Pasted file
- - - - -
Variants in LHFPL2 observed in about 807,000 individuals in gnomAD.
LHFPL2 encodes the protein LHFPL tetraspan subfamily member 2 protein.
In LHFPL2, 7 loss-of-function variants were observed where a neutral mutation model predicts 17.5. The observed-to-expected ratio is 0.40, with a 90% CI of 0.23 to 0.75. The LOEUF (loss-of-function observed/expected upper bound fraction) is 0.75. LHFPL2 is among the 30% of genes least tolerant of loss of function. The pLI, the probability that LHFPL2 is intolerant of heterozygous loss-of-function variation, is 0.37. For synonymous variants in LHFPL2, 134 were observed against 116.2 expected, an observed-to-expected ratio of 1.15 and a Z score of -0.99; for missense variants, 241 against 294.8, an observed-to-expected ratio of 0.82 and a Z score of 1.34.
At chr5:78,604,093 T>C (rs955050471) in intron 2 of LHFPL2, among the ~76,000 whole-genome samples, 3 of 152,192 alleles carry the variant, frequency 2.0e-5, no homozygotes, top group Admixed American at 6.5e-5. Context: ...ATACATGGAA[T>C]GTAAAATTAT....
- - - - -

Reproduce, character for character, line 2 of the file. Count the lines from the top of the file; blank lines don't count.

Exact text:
LHFPL2 encodes the protein LHFPL tetraspan subfamily member 2 protein.